Sunday, 12 September 2021

A Gathering of the Clans

Yesterday Benedict Ambrose and I got on the train for Carfin, as Una Voce Scotland had arranged a 11:30 AM outdoor Traditional Latin Mass at Carfin Grotto in the Diocese of Motherwell. I packed some freshly baked apple turnovers, in part to use up the all-butter puff pastry from Waitrose in the fridge. I also brought a Polish exercises workbook, in case of a delay somewhere, and I was very glad, as it made an excellent kneeler. 

I wore my new burgundy brogue-boots and my hair in seven braids as well as my latest Denim Maxi-skirt of Indestructable Traddery, and I will get around to explaining why I mentioned this. 

At Haymarket Station, we noticed other members of the "Edinburgh Crew" getting on the train. One of our bosom pals got onto our carriage, and another one, and some of the university youngsters, got on another carriage where they encountered beer-drinking Ranger fans. 

Apparently the Ranger fans were affable and, as they do, pressed beer upon one of boys, but they also sang their songs and chanted their sectarian chants, or at least one that involved imaginary abuse of the Roman pontiff. I didn't ask in detail, but presumably they want  to hang him from the chapel door or whatnot. Golly, something to think about when he turns up for the UN Climate Change Conference in Glasgow next month. 

Ah, dear Lord. Trads may wail and seethe and fuss over Pope Francis' oeuvre, but at least we don't sing "It's the real thing: Pope on a string" like Rangers fans.   

We alighted at Carfin and discovered that the National Shrine (with the grotto) is directly across the street from the railway station. B.A. and I had never been to the National Shrine, which includes an enormous park with a 1980s-looking church, a huge, freestanding parish hall, a pilgrim's centre, a glass chapel where  a choir can sing through microphones and fill the park with song, dozens of memorial benches, dozens of pious statues in white, and flags. Very strangely, there is the Tricolour of the French Republic right beside the Grotto of Our Lady of Lourdes, and I have an inkling of what French Trads would have to say about that, e.g. Oh la la, la Vendee.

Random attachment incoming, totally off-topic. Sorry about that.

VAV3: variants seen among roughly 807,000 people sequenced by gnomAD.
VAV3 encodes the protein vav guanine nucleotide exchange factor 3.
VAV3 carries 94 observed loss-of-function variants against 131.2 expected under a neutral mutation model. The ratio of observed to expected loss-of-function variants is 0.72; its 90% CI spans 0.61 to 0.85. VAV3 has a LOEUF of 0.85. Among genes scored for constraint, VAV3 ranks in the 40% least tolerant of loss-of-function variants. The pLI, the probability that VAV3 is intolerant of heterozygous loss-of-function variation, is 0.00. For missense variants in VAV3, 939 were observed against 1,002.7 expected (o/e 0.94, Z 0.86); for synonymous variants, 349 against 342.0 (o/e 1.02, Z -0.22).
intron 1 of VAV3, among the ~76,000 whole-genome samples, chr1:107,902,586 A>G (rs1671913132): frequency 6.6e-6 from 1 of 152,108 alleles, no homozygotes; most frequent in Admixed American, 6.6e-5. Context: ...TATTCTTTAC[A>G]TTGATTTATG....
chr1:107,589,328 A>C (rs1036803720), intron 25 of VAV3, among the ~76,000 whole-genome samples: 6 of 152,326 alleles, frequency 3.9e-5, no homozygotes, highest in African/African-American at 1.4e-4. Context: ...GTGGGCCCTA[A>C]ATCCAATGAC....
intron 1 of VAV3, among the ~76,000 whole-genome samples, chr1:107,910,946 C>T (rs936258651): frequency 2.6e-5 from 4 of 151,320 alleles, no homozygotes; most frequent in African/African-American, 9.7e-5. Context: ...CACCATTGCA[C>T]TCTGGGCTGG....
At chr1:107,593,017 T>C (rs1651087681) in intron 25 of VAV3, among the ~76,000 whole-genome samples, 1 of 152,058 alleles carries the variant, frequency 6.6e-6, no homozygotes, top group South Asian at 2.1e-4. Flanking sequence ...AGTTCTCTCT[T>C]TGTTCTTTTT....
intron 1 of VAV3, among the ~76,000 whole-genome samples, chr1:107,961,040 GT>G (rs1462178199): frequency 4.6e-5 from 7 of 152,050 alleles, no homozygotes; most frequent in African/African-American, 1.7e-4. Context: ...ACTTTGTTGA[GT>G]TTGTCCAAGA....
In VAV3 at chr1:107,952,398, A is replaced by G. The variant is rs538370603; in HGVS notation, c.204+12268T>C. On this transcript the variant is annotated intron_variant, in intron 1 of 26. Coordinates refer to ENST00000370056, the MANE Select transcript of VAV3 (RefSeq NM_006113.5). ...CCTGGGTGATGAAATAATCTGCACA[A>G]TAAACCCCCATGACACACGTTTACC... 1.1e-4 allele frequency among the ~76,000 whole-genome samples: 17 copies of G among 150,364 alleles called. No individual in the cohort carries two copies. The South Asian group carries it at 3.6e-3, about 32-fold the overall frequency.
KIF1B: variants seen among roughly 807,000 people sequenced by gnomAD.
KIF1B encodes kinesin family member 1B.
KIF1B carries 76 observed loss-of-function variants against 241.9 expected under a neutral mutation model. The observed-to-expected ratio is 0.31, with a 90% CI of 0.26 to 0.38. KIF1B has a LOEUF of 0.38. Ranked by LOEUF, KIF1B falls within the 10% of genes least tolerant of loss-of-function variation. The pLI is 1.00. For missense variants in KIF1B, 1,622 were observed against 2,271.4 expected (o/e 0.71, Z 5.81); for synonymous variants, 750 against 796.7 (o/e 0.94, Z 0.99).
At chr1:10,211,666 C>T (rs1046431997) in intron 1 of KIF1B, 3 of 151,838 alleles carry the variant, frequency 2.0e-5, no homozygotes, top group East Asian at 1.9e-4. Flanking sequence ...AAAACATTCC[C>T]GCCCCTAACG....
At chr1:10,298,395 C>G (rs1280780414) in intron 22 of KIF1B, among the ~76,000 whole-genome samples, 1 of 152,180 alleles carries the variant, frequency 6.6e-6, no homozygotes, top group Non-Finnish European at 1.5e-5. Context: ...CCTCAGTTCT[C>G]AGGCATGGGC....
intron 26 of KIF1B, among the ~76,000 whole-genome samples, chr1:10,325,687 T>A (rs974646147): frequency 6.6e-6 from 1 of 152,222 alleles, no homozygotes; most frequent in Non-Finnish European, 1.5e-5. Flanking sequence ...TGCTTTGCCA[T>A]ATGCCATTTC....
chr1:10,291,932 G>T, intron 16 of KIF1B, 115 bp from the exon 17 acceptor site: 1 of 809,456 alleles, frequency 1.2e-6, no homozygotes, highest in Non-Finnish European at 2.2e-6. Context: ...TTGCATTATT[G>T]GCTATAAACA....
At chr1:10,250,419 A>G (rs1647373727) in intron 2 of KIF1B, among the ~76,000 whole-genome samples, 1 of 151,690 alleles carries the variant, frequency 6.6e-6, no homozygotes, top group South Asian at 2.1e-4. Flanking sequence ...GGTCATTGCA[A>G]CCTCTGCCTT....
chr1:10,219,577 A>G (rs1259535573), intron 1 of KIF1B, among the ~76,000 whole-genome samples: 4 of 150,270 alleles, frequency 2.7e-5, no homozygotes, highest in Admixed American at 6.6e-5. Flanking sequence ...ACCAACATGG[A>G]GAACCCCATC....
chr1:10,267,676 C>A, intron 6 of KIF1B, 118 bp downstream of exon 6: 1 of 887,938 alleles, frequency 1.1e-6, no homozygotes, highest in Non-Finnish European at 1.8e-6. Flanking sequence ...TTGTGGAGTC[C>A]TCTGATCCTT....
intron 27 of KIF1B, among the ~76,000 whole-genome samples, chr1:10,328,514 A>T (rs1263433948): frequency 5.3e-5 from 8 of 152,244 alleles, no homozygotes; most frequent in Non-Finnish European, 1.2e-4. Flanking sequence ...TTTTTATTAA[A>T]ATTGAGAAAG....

The National Shrine park is quite amazing, and I have literally never seen anything like it before. I see from the internet that the earliest part is the actual 1922 Grotto of Our Lady of Lourdes, and that is where our Mass was. There was an altar set up on a platform to the side of the full-scale depiction of the Lourdes apparition, and hundreds of folding chairs on at least two levels in front of the platform. 

Besides the enjoyment of taking a turn in a big park which is quite obviously the green heart of the Catholic Church in Scotland, there was the joy of meeting old friends and acquaintances from the TLM communities across the country. There were at least 10 people (not including the tiny children) from the Edinburgh community, and I chatted with people who go to the TLM in Glasgow, Motherwell, and Dundee. All told there were somewhere between 150 and 200 people, which is not a huge number, I admit, but there were some large families I know noticeably absent. Next time I will do more to publicise the event myself.